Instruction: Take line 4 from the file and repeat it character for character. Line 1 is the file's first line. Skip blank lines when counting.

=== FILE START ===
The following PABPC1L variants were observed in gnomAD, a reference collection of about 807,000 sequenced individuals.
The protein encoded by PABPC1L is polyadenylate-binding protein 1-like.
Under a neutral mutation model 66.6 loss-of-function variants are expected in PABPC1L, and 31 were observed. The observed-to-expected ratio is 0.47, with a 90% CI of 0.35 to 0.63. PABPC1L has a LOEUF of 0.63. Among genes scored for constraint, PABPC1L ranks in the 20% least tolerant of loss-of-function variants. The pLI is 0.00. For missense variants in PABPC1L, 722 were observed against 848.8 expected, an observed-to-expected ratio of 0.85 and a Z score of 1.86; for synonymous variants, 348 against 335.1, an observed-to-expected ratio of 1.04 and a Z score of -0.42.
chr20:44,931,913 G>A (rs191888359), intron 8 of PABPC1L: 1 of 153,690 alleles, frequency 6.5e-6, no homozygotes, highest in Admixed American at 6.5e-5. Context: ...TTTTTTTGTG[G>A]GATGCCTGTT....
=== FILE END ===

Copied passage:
chr20:44,931,913 G>A (rs191888359), intron 8 of PABPC1L: 1 of 153,690 alleles, frequency 6.5e-6, no homozygotes, highest in Admixed American at 6.5e-5. Context: ...TTTTTTTGTG[G>A]GATGCCTGTT....